At the turn of the 20th century, America was becoming inundated with all sorts of new immigrants: tides of Irish, Jews, Eastern Europeans, South Americans, and Chinese. These new immigrants oftentimes lived in squalor and were more likely to commit crimes, have large families, and be less educated compared to their Anglo-Saxon counterparts. Hence, “real “Americans decided to clean up the gene pool and the States began to pass laws that allowed the sterilization of anyone who had unappealing traits. Intelligence tests were given out to see whether people were imbeciles or morons. These tests were completely erroneous and in many cases found that half of test takers were mentally unfit.

The Immigration Act of 1924 was passed in direct connection to eugenic beliefs on racial inferiority. It drastically decreased the number of immigrants from countries that were not Anglo-Saxon in origin. The climax of the eugenics movement occurred in 1927 when Buck vs. Bell went to the supreme court to determine whether Virginia had the right to sterilize Carrie Buck –  a poor-white-southerner. The case was a complete sham. Carrie was not an imbecile but rather an intelligent girl who had the bad luck of being raped and blamed for promiscuity. Carrie’s lawyer was actually on the prosecutions payroll and she was not informed about any details of the case. Justice Oliver Wendell Holmes Jr. was a firm believer in the “survival of the fittest” and wrote that sterilization did not impede upon Miss. Buck’s constitutional rights.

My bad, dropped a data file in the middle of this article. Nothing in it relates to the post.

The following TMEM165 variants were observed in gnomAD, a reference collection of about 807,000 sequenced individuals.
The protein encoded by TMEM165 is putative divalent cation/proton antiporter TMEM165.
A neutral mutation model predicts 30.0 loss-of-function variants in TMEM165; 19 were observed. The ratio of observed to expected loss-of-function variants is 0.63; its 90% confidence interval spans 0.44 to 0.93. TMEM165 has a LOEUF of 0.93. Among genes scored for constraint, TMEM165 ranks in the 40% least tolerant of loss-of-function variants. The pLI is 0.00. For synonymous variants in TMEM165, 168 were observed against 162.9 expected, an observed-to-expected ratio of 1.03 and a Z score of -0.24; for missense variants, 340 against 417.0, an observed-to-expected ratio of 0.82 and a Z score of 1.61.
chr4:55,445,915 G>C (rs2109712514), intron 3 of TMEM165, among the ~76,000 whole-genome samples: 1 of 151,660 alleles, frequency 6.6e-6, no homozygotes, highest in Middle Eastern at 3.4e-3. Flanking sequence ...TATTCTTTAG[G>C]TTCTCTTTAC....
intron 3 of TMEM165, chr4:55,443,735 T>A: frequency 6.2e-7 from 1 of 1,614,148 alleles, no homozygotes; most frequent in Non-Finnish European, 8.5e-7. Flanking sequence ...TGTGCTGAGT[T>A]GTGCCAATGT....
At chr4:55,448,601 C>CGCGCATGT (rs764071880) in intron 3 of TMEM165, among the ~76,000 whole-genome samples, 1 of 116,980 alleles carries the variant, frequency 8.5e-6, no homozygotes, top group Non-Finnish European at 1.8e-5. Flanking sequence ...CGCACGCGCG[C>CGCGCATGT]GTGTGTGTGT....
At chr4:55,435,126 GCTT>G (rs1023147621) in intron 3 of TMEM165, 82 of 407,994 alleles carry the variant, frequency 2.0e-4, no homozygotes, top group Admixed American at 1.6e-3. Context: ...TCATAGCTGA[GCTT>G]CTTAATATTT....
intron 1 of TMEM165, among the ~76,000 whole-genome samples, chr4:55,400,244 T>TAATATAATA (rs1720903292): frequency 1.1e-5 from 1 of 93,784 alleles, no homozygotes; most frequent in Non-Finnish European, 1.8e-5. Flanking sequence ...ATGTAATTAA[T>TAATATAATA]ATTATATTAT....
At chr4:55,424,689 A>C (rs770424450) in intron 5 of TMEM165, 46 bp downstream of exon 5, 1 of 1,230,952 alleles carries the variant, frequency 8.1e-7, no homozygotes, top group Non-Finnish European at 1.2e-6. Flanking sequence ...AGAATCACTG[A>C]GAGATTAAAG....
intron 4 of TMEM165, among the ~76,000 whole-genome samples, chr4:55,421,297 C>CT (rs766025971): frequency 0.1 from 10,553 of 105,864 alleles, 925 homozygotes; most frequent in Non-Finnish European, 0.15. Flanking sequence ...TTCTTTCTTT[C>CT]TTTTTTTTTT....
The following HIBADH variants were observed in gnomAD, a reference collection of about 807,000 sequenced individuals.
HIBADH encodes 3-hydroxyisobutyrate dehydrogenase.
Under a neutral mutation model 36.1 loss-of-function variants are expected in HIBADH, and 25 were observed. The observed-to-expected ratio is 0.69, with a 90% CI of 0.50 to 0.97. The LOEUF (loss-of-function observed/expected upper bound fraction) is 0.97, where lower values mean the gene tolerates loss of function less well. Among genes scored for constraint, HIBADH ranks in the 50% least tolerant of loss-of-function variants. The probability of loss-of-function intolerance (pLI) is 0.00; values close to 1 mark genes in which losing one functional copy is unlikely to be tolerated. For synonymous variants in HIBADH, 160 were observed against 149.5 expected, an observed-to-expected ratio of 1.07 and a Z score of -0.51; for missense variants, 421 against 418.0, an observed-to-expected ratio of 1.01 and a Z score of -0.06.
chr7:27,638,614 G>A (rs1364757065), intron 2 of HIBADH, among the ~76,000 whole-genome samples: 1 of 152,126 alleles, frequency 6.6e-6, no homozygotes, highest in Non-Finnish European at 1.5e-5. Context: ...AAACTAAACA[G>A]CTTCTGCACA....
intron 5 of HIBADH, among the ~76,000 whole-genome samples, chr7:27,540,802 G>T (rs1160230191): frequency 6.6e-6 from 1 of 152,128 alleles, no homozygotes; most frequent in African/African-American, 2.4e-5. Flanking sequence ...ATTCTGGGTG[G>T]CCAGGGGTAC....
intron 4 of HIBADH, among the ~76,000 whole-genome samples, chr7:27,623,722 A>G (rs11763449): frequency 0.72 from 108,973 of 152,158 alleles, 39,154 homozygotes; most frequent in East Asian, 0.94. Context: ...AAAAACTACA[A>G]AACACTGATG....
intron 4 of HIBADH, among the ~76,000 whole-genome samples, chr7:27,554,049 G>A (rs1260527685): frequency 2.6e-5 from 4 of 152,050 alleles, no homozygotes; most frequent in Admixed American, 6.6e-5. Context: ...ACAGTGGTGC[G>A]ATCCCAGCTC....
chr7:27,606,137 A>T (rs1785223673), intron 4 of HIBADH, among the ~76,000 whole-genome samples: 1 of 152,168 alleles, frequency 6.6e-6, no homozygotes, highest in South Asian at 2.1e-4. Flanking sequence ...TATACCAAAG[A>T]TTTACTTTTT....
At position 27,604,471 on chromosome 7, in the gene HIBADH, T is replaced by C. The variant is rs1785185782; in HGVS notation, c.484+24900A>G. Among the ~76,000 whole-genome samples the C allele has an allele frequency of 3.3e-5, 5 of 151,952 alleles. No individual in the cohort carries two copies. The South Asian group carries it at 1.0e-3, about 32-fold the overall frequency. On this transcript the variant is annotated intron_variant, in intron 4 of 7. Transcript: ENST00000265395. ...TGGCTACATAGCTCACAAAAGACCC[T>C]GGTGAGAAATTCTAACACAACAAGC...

The eugenics movement in America helped Hitler cement many of his policies during WWII. The Immigration Act of 1924 assisted the Holocaust by  barring Jews from entering America. Nazi Lawyers, during the Nuremberg Trials, actually used the case of Buck vs. Bell as a justification for 1000’s of sterilizations. In total, the US sterilized over 70,000 people throughout the 20th century – the last forced sterilization was in 1981. Today, Buck vs. Bell has still not been overturned and there are cases of coerced sterilizations in prison and mental health systems. Eugenics is still a major concern with advancements in technology that can screen babies for “undesirable” traits. Is it right for a couple to abort a child who has Down Syndrome? What if we get to the point that prenatal screenings tell us the risk of stunted height or ADHD? Who gets to define what traits are good or bad? America’s history with eugenics is scary but its future is even more precarious. Let’s not repeat the mistakes of Social Darwinism and nonsensical-immigration restrictions. I think Charles Darwin said it best:

“The love for all living creatures is the most noble attribute of man.”